Gestational exposure to ethanol suppresses msx2 expression in developing mouse embryos

Leonard Rifas, Dwight A. Towler, Louis V. Avioli

Research output: Contribution to journalArticlepeer-review

41 Scopus citations


Ethanol acts as a teratogen in developing fetuses causing abnormalities of the brain, heart, craniofacial bones, and limb skeletal elements. To assess whether some teratogenic actions of ethanol might occur via dysregulation of msx2 expression, we examined msx2 expression in developing mouse embryos exposed to ethanol on embryonic day (E) 8 of gestation and subjected to whole mount in situ hybridization on E11-11.5 using a riboprobe for mouse msx2. Control mice exhibited expression of msx2 in developing brain, the developing limb buds and apical ectodermal ridge, the lateral and nasal processes, olfactory pit, palatal shelf of the maxilla, the eye, the lens of the eye, otic vesicle, prevertebral bodies (notochord), and endocardial cushion. Embryos exposed to ethanol in utero were significantly smaller than their normal counterparts and did not exhibit expression of msx2 in any structures. Similarly, msx2 expression, as determined by reverse transcription-PCR and Northern blot hybridization, was reduced ≃40-50% in fetal mouse calvarial osteoblastic cells exposed to 1% ethanol for 48 hr while alkaline phosphatase was increased by 2-fold and bone morphogenetic protein showed essentially no change. Transcriptional activity of the msx2 promoter was specifically suppressed by alcohol in MC3T3-E1 osteoblasts. Taken together, these data demonstrate that fetal alcohol exposure decreases msx2 expression, a known regulator of osteoblast and myoblast differentiation, and suggest that one of the 'putative' mechanisms for fetal alcohol syndrome is the inhibition of msx2 expression during key developmental periods leading to developmental retardation, altered craniofacial morphogenesis, and cardiac defects.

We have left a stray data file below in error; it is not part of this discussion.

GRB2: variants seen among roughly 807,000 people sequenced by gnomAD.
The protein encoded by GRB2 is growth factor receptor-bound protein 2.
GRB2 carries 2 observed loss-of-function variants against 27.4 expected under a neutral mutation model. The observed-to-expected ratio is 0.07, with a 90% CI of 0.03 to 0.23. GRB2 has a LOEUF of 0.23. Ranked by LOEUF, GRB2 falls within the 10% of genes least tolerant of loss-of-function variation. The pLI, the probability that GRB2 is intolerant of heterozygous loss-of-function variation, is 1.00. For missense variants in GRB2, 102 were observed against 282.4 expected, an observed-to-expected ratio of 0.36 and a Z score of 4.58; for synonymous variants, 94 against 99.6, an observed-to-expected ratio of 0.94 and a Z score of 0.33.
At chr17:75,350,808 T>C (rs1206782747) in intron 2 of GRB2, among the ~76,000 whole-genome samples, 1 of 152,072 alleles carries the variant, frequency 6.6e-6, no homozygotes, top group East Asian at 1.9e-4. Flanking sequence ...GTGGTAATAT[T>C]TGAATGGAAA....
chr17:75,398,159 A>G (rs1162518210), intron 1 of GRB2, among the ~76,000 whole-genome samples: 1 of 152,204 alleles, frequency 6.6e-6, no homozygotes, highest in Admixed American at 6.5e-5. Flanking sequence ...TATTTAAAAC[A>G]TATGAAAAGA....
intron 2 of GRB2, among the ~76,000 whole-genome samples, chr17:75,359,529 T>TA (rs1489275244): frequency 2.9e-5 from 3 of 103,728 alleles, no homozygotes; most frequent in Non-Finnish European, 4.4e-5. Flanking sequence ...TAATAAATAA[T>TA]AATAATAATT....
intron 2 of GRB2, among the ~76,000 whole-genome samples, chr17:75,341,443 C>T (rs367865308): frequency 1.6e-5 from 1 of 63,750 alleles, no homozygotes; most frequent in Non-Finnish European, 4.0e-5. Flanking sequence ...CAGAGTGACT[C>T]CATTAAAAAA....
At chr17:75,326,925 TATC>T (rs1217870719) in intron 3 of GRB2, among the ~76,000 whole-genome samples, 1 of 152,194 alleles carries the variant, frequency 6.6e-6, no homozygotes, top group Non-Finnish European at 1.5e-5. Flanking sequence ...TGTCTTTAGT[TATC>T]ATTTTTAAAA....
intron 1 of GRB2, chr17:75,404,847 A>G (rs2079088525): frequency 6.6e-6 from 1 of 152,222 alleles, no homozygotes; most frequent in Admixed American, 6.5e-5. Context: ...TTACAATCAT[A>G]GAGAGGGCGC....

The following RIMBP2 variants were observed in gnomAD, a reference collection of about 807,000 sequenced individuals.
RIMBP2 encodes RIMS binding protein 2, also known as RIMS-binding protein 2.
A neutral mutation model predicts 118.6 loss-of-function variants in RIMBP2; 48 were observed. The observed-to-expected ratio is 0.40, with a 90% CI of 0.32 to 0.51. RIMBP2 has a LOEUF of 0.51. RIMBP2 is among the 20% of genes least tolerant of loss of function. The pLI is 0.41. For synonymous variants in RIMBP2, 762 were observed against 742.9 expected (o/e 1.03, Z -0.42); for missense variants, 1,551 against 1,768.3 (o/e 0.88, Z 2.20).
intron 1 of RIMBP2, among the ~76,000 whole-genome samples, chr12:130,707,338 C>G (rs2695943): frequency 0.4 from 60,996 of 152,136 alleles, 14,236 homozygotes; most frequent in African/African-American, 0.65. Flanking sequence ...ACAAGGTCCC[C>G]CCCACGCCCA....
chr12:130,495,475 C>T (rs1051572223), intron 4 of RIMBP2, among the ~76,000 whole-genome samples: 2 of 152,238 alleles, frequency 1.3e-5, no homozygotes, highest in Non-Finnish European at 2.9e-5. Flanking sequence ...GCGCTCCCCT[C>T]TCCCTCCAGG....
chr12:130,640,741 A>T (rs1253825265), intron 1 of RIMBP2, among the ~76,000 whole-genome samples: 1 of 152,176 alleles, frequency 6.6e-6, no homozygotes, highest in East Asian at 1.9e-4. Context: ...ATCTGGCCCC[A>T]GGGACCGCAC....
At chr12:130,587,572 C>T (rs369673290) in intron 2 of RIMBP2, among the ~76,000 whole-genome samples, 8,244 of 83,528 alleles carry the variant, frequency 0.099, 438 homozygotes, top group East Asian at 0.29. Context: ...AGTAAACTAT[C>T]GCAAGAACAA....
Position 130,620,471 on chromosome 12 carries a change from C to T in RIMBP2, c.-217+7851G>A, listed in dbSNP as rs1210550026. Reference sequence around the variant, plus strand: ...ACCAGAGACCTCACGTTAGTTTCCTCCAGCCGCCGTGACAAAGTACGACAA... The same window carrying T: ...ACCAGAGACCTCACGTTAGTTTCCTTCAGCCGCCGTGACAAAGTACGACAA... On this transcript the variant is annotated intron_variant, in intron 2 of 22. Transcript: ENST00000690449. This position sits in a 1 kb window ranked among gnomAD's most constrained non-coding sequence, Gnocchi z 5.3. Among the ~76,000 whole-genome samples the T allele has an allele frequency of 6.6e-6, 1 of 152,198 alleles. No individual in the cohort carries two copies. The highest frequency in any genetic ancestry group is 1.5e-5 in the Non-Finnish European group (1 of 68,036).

Original languageEnglish (US)
Pages (from-to)7549-7554
Number of pages6
JournalProceedings of the National Academy of Sciences of the United States of America
Issue number14
StatePublished - Jul 8 1997


  • Craniofacial
  • Development
  • Fetal alcohol syndrome
  • Homeodomain

ASJC Scopus subject areas

  • General


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